SANTA CLARA, Calif. -- The race to deliver the world's first 0.13-micron microprocessors is heating up, particularly in the notebook PCs arena. But the new processor technology is coming at an inopportune time for suppliers as the current slowdown in desktop PCs begins to spread into the notebook space, according to analysts.
At next week's TechX NY trade show in New York (June 26-28), Intel Corp. and Transmeta Corp. plan to separately unveil their first, x86-based microprocessor lines, based on 0.13-micron design rules.
Initially geared for notebooks and related portable products, Intel's code-named Tualatin processor line will deliver speeds in excess of 1 GHz, according to the company.
Intel's new chip line is a 0.13-micron version of the Pentium III processor line, which until now has been fabricated with 0.18-micron processes. The new mobile central processing unit will be known as the "Pentium III processor-M," said Intel today in annoucing plans to show the new CPU at TechX NY next week.
Also at the show next week, Transmeta plans to roll out its first--and long-expected--low-power processors based on 0.13-micron technology (see June 13 story ).
Remaining on the sidelines is Advanced Micro Devices Inc., which will not roll out its 0.13-micron processors until late-2001 or early-2002. Recently, AMD announced its new processor line for notebook PCs based on 0.18-micron technology.
Nonetheless, AMD, Intel and Transmeta have already been beaten to the punch. Two weeks ago, Taiwan's Via Technologies Inc. announced the world's first 0.13-micron processor line for notebooks and desktops (see June 5 story ).
In any case, the market is still wide open for processor vendors in the notebook and portable space. But these announcements also come at a time when suppliers are struggling with the slowdown in the PC industry.
The PC industry is not only slowing but falling in terms of unit shipments in the U.S. market, according to a recent forecast by International Data Corp. The research firm recently cut its forecast for the worldwide and U.S. shipments, and it is now predicting that unit shipments will fall for the first time ever in the United States (see June 6 story ).
While the desktop PC market has been sluggish since late last year, the notebook computer segment seemed relatively healthy--this is until recently.
Some industry executives and observers believe that the notebook PC market is now slipping into the slump. During a conference call with analysts on Thursday, executives from Transmeta warned that the slowdown in the PC market has spread into the notebooks space.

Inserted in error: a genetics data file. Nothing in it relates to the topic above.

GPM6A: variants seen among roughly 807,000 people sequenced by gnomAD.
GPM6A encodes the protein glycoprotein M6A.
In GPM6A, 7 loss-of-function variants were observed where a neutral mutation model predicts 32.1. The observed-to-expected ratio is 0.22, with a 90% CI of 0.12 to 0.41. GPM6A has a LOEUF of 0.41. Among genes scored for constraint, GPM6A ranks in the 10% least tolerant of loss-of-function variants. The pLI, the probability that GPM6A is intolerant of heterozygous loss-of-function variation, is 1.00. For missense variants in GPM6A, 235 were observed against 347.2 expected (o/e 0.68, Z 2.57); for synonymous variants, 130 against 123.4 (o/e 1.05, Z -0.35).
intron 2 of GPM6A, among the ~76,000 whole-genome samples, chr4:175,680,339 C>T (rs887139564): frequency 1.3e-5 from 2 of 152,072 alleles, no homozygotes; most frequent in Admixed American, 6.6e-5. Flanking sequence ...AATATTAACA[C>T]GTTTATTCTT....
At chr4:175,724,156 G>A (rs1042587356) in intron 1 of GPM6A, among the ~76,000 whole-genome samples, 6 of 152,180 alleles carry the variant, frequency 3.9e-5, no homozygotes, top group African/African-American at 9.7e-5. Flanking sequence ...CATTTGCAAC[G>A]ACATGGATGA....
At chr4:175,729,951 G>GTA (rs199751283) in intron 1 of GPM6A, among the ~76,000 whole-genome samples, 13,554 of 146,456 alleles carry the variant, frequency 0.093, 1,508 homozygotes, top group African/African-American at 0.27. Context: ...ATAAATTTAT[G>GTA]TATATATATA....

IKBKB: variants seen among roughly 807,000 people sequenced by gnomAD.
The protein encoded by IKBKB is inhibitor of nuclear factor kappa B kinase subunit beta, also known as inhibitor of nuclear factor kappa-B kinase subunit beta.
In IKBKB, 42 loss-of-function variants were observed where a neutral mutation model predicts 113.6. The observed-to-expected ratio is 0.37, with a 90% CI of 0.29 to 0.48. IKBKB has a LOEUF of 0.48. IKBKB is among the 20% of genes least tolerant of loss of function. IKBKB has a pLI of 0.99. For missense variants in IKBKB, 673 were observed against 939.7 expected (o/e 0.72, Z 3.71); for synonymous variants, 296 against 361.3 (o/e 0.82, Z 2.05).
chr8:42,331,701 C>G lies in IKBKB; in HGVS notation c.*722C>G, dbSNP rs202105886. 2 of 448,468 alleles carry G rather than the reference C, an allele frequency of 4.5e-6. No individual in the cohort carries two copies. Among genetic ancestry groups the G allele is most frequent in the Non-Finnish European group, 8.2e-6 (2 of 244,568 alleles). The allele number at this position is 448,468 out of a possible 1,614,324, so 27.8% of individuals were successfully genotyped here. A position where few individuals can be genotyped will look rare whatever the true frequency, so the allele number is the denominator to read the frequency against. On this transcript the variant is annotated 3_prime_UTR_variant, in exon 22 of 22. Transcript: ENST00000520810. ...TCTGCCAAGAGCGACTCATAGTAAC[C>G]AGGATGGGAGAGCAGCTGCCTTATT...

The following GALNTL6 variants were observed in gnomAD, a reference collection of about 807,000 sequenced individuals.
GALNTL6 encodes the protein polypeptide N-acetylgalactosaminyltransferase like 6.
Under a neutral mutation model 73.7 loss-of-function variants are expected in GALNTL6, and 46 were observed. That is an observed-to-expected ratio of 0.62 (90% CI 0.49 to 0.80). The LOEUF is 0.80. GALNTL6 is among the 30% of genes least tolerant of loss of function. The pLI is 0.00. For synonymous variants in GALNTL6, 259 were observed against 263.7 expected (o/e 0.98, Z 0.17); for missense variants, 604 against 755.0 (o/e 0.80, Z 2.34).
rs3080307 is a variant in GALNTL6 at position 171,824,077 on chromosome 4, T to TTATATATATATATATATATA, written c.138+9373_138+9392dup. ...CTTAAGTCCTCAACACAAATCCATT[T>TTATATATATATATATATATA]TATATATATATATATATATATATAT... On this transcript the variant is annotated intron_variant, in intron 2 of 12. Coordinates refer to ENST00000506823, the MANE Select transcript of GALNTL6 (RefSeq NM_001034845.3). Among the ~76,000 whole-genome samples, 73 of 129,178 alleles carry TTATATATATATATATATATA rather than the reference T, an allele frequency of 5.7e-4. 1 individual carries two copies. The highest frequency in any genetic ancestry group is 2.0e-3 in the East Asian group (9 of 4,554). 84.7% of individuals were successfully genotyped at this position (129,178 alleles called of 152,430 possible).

One of Transmeta's key customers--reportedly Toshiba Corp. of Japan--has experienced a slowdown worldwide, said executives. Customers "are seeing a slowdown in the notebook market," said Mark Allen, president and CEO of Transmeta, during the conference call.
Despite a series of high-profile design wins in recent weeks, Transmeta on Wednesday said it was cutting its outlook and lowering revenue estimates for the current quarter by 40-to-45% due to weak demand for processors inportable computer systems technology (see June 20 story ).
The company also faces new competitive threats, including the 0.13-micron Pentium III processor-M from Intel. The central processing unit--code-named Tualatin--has been expected for months. For some time, Intel has been quietly sampling its first products, based on the company's 0.13-micron process technology (see May 16 story ).
Sources believe that Intel has already shipped a 1.13-GHz version of the Tualatin line designed for the desktop PC market.
Now, the Santa Clara chip giant is gearing up for notebooks. At present, Intel offers two portable processor lines based on 0.18-micron design rules, including the Pentium III and Celeron family of products. The high-end Pentium III for portable applications currently runs at 1 GHz, while the Celeron goes to up 800 MHz.
Intel did not elaborate on the specifics of its new portable chips. Equipped with copper-interconnects, power management, and other advanced features, the code-named Tualatin processor family for portables from Intel will deliver speeds in excess of 1 GHz, the company said today.
Based on 0.13-micron design rules and copper-interconnects, the new chip features a new power management technology, enabling a new breed of thinner, lighter notebooks.
"With the combination of performance, enhanced power management technologies and a scaleable new chip set architecture, the new mobile Pentium III processor-M will power a wave of new systems featuring great performance, long battery life, small size and wireless communications," said Frank Spindler, vice president and general manager of Intel's Mobile Platforms Group.
The 0.13-micron mobile processor is already being shipped to customers in volume quantities, according to Intel, which said it plans to officially launch the Pentium processor-M product in the third quarter.